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quite some time ago i noticed that in Visual C++ 10 ADL fails when at least one of the arguments is a lambda.

std::vector<float> vec;
for_each(begin(vec), end(vec), [](float) {}); 

The above fails to compile on VC++10 and 11 (beta) (begin and end are found via ADL). When i convert the lambda function into a regular free function things work just as expected.

I've asked on Herb Sutters blog once and also read some posts on msdn connect and the usual answers were: this is a bug, we havent implemented the latest standard of the lambdas yet which - at that time - was quite understandable. Things haven't been in a baked form yet. On MS connect there have also been disturbing comments that this will not be resolved for the next release i.e. vc 11.

My question is, is this code expected to work under the C++11 standard? I cant quite figure that out. Do i really have to prefix my for_each and other algorithms with std:: when I'm using lambdas? I somehow suspect that this behavior will not change after vc++11 release.

share|improve this question
what free function do you use? – Johannes Schaub - litb Mar 28 '12 at 5:46
something as simple as void f(float) {} even works. or declaring the lambda outside of the function call: auto f = [](float) {}; – Martin Wirth Mar 28 '12 at 13:59
up vote 1 down vote accepted

That is perfectly valid code. Any bug-free compiler will be able to compile it. But since MSVC has bug and so is unable to search the function through ADL, then maybe you should not rely on ADL and instead qualify it with std:: helping the compiler to find the function.

share|improve this answer
that confirms what i've been thinking. i also do not see why the combination of lambda arguments and non-lambda arguments should disable ADL. not sure if i like the official microsoft response (instantiate the lambda somewhere else or qualify with std::) ;) – Martin Wirth Mar 28 '12 at 14:02
@Martin: No, vector<T>::iterator is allowed to be T * (I suspect this is exactly the problem). Although @refp's answer is a bit long and doesn't confirm your suspicion, it's correct. Although, I can't explain why it works with a free function not parameterized over std types. – Potatoswatter Mar 29 '12 at 6:59
@Martin Please move the green check mark to refp's answer. – Jive Dadson Aug 27 '12 at 16:55

The standard doesn't guarantee what you'd want it to..

With the below in mind we can easily realize that there is nothing guaranteeing that ADL would work in cases similar to the example provided in your post.

  • std::begin (c)/std::end (c)

    The functions are described in the standard as the below quotation:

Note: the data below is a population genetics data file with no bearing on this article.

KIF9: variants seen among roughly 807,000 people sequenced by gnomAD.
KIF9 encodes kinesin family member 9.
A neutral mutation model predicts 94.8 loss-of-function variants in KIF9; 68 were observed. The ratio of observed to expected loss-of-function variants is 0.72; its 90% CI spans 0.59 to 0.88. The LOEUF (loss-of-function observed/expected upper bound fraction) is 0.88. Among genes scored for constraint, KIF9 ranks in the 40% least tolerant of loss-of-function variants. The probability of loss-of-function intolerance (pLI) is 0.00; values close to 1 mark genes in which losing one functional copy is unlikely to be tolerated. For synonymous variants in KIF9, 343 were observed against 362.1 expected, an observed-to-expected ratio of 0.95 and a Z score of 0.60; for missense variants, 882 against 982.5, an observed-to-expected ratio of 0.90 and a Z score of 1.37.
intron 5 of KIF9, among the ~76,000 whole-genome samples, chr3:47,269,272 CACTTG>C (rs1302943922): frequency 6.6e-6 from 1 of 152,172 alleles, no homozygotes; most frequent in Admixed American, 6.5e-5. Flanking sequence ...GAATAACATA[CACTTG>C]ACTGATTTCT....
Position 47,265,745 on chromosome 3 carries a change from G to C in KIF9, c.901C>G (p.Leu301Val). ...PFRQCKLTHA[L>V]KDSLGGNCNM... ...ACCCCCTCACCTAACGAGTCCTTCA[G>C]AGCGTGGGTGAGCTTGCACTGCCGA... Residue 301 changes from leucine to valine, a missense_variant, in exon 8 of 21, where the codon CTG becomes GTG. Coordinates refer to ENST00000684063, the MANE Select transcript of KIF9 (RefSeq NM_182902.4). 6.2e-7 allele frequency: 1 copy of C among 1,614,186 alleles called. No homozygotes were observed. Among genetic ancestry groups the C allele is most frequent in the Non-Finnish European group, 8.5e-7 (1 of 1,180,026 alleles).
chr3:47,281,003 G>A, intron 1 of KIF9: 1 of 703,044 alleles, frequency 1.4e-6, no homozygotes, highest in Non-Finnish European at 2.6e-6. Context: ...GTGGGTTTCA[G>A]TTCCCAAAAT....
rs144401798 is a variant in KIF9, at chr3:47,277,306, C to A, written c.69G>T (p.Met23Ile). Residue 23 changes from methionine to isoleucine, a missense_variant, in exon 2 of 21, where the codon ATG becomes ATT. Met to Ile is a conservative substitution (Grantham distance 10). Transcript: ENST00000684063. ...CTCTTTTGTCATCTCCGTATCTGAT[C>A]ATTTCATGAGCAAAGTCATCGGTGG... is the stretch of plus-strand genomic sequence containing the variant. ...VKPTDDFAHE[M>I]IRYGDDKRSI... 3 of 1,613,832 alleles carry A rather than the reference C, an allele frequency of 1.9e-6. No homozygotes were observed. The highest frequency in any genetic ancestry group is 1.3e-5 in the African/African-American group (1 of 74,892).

template <class C> auto begin(C& c) -> decltype(c.begin());
    template <class C> auto end(C& c) -> decltype(c.end());

    Though the Container< ... >::iterator (which is the return-type of c.begin ()) is an implementation-defined type.

    More about the matter can be read upon at 24.5.6 Range Access, and class template vector (or any other template STL container).

  • [](){} - Lambda Expressions

    A lambda is an implementation-defined type, there is nothing in the standard stating that the resulting object will be of a type which is under namespace std.

    It can pretty much exists wherever it wants, as long as it confirms to the other rules set up by the standard.

Too Long; Didn't Read

The types of which std::begin/std::end/a lambda-expression yields are not guaranteed to be under namespace std, therefore ADL is not guaranteed to kick in.

share|improve this answer
@David: No, the question is exactly about for_each. It even says that begin and end are found without a problem. I think most people didn't quite read the question correctly. For refp: +1, this is the correct answer. – Xeo Mar 28 '12 at 2:13
@Xeo: I thought that ADL was failing to resolve begin and end. At any rate, taken that there is no guarantee in the standard that the iterators will be in std, there is still a bug either in failing to find for_each in the case of the lambda (assuming that std::vector<>::iterator happens to be defined in std) or in ADL finding for_each if the lambda is substituted by a function call (if std::vector<>::iterator is not defined inside std). – David Rodríguez - dribeas Mar 28 '12 at 2:26
To clarify: begin and end are correctly resolved via ADL in both vc++10 and 11 beta. My question was directed at why ADL for for_each (or any other std algorithm) fails when there is a combination of types that are from namespace std and one or more lambdas. I think that vc++ disables ADL when there are lambda arguments. Note that if you pass for_each a lambda that is declared outside the for_each function call ADL does work (which currently is the official work-around from microsoft). – Martin Wirth Mar 28 '12 at 13:58
@refp: thanks for your clarifications! as ive stated above, i'm worried about the combination of lambdas and non-lambda arguments. not qualifying has its drawbacks as you pointed out. for instance begin() and end() in combination with arguments of type std::array<> do not return an iterator defined in namespace std so relying on ADL to find for_each() for instance would definitely fail in this case as expected. My original question was directed at another problem, though. – Martin Wirth Mar 28 '12 at 14:07
@MartinWirth The philosophy of most of us writing c++ is to never write code that isn't backed up by the Standard, if it's not in the Standard - it's not C++ (that's why my answer is written the way it is). Also your question clearly says: "My question is, is this code expected to work under the C++11 standard?", so I fail to see what you are referring to with "My original question was directed at another problem". – Filip Roséen - refp Mar 28 '12 at 16:32

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